Every day we are confronted by new emerging technologies that enchant us with the promise of increased productivity, more efficiency and less overhead costs.
The advancement of digital technologies at the work place has inadvertently put pressure on Kenyan enterprises to align themselves with emerging technologies in order to reap the benefits of digital transformation.
To participate in the digital economy, enterprises must commit to digital transformation by embracing key enterprise IT technologies. As the new year dawns, we will continue to witness the advancement of enterprise digital technologies. Let’s take a look at some of the trending digital technologies that rocked the Kenyan work place in 2018.
The Rise of Artificial Intelligence (AI)
The advent of cognitive technologies, such as artificial intelligence, at the work place give rise to endless possibilities of automation, increased efficiency, enhanced customer experience and data driven business strategies. Data is the lifeblood of artificial intelligence and Kenyan businesses are now generating vast amounts of data more than ever before. Adding an element of cognition to the plethora of user data results in business intelligence gained through predictive data mining. Enterprise technology architectures are evolving accordingly resulting in new agile business models that are driven largely by intelligence and not just information.
Not only is AI being used in advertising algorithms, it is also driving efficiency and insights in virtually every part of the Kenyan enterprise, including strategic business issues. Enterprises that harness their data can use it to identify new opportunities which, in turn, lead to smarter business decision, more efficient operations, higher revenues and happier customers.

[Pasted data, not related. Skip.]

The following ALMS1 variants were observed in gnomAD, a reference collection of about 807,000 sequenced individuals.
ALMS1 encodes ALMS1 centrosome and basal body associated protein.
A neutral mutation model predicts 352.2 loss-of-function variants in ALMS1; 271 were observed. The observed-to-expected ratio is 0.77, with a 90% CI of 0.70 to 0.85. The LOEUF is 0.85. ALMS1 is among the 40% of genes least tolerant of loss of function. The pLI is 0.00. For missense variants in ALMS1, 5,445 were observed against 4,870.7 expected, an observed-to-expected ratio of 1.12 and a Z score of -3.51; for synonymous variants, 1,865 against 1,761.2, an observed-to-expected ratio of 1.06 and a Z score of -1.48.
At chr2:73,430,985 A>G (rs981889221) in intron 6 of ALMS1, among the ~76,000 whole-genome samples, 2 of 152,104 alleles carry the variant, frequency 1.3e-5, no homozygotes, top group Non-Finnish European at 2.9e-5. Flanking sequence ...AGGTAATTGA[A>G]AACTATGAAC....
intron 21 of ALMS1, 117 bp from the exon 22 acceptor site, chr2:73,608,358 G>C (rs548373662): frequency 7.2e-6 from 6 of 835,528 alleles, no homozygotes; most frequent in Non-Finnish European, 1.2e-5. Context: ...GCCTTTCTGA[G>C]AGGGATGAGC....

AI workloads require a complete paradigm shift in the underlying hardware and software infrastructure. For instance, the processing power required to maintain high performance analytics is of monumental proportions. Therefore, Kenyan businesses must embark on a holistic digital transformation journey and consider emerging enterprise technologies, such as Cloud Computing, in order to garner the entire benefits of artificial intelligence.
A Journey to the Cloud
Not too long ago ‘Cloud’ was the hottest buzz word blustering headlines in the ICT industry. Today cloud computing is a concrete reality for the modern Kenyan enterprise. According to a report by World Wide Worx and F5 Networks, 98% of companies in Kenya said they would increase their spending on cloud computing this year, while another 69% of the respondents said that they have seen an impact from cloud computing on market share. Kenyan businesses continue to benefit from two major cloud consumption models, IaaS (Infrastructure-as-a-Service) and SaaS (Software-as-a-Service).